If you're looking for a place to play pickleball, look for pickleball courts or badminton courts in your area. Some tennis courts can be modified to play pickleball, too. It can also be fun to create a pickleball court in your driveway, so long as you have enough space to outline the court.

2. Serving Sequence Rules

The game begins with a serve. The process of the serving sequence is a unique aspect of pickleball, and it's important to understand it so the game can run smoothly.

The game starts with the first server positioned in the right service area. The player will serve the ball diagonally to the player in the opposing right service area. If the serving team wins the point, the same server will serve again from the left service area. This process continues as the serving team earns points, switching service areas until the team faults and the ball position switches to the other team.

It's only possible to earn points when serving. When the non-serving team wins the rally, they now serve, but they don't earn a point for that rally.

3. Pickleball Serving Rules

After you understand the serving sequence of pickleball, you can learn more about the serving process and how it's regulated during the game.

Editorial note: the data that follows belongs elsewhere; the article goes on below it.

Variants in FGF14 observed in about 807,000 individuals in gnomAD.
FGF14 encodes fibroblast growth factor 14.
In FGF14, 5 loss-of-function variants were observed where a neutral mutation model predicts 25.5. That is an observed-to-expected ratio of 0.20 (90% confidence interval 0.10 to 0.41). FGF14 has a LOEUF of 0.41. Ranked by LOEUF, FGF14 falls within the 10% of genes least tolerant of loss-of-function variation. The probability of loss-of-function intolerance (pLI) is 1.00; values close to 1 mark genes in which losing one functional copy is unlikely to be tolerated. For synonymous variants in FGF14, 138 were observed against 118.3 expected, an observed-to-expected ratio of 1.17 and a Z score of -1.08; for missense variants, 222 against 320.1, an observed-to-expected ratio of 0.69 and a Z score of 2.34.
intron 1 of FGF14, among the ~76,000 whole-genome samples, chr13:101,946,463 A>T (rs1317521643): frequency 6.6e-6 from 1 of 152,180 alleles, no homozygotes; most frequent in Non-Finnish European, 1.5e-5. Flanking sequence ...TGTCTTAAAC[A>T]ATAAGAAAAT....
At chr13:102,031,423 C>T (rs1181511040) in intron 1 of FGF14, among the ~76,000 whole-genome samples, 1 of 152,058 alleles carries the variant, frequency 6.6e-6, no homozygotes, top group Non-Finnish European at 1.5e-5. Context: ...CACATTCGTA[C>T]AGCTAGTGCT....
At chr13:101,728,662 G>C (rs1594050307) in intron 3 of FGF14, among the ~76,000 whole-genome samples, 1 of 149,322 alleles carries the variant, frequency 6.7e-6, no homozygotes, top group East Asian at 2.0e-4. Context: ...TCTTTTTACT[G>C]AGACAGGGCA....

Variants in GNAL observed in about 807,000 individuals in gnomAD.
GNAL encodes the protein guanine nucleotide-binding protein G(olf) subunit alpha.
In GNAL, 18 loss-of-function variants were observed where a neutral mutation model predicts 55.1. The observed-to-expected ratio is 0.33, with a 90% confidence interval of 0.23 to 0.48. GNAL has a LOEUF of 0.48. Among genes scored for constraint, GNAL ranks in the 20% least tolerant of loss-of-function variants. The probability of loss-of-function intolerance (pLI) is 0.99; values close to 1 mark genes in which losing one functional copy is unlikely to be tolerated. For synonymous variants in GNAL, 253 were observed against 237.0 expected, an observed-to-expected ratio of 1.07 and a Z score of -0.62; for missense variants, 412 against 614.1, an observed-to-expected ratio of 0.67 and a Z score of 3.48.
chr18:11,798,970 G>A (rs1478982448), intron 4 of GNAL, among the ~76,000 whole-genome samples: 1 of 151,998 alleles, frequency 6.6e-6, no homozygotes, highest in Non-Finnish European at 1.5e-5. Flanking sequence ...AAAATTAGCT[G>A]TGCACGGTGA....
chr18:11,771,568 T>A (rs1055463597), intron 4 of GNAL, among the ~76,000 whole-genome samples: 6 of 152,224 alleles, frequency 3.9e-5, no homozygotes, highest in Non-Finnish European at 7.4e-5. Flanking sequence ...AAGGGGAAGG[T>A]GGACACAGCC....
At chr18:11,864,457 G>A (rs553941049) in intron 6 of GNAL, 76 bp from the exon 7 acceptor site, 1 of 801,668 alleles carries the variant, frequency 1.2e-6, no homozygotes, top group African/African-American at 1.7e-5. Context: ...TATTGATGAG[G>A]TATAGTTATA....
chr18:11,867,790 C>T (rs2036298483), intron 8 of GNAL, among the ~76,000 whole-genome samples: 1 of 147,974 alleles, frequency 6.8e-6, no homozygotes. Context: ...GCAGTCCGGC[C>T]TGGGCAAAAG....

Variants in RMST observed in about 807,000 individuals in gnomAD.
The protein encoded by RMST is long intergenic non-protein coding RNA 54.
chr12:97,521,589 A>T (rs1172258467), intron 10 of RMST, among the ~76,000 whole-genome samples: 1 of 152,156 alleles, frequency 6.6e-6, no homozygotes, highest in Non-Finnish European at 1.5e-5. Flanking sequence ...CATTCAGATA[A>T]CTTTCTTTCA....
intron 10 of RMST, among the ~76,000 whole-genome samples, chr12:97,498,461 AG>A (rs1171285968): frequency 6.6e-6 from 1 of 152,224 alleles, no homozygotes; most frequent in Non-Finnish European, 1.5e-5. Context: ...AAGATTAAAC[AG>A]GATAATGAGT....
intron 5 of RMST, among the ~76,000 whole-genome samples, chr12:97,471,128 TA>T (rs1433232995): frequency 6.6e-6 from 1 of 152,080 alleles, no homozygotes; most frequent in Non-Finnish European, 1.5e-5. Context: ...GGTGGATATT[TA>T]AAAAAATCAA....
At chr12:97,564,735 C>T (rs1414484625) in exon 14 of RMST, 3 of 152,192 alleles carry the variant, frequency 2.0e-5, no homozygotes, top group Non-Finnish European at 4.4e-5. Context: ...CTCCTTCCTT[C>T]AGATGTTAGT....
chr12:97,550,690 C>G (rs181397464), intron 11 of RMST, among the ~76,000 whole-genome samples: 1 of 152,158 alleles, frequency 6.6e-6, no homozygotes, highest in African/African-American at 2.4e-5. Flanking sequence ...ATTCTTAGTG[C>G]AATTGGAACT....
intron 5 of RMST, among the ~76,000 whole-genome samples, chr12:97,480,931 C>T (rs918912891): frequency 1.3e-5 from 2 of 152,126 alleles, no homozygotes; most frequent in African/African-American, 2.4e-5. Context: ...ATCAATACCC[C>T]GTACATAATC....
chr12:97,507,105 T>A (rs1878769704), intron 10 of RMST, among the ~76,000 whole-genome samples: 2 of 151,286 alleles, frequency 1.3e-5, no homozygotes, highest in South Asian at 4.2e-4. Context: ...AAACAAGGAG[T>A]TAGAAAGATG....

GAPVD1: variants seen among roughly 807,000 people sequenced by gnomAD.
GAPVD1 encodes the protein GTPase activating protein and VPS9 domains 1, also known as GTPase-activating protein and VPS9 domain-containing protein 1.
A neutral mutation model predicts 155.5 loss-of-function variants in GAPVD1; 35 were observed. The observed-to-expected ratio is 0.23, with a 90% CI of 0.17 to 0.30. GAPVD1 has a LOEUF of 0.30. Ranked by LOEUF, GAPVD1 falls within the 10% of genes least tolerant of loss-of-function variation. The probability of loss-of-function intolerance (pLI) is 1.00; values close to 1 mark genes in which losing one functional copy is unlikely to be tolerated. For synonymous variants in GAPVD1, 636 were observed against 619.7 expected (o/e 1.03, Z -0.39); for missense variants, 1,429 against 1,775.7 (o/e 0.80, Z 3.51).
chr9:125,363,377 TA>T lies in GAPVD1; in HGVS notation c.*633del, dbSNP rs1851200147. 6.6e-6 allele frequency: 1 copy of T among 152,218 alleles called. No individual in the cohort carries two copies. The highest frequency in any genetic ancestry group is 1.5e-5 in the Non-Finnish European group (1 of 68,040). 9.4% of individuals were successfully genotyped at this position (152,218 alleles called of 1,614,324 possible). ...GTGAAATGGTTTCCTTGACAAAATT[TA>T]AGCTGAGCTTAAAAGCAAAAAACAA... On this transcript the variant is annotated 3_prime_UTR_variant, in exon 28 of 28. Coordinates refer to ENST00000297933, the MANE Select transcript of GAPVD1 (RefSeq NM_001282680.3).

Every serve is completed underhand. The player begins the serve by raising their hand and dropping the ball. Then, they'll swing and hit the ball with an underhand hit right below the waist. The server can also perform a drop serve, which entails allowing the ball to bounce before underhand serving.

The ball can't bounce on the serving team's side of the court after the serve. The ball must pass over the net and bounce within the opposing team's service area box, which is diagonal from the server. The server must stand behind the baseline and within their service area during their serve. If the server hits the ball into the opponent's kitchen area, the server will fault and the opportunity to serve switches to the opposing team.

4. Two-Bounce Rule

Another unique pickleball rule is the two-bounce rule, also known as the double-bounce rule. This rule is an essential part of every pickleball game.

Once the ball is served, the receiving team must allow the ball to bounce once on their side of the court before making contact with the ball. After the initial return, the ball must again bounce on the serving team's side. After the ball bounces twice during a rally, the teams may decide whether they want to volley the ball, which means hit the ball before it bounces, or groundstroke the ball, which means allowing the ball to bounce once before hitting it to the other team.

The two-bounce rule helps make rallies longer so the gameplay is more entertaining. 

5. Call-Out Rules

When you're calling out the score in a pickleball game, you have to do so properly. Announcing the score during a game is helpful, making players aware of which team is leading and how long they have until the game ends. The call-out rule helps remind players of the score and informs them what team is serving.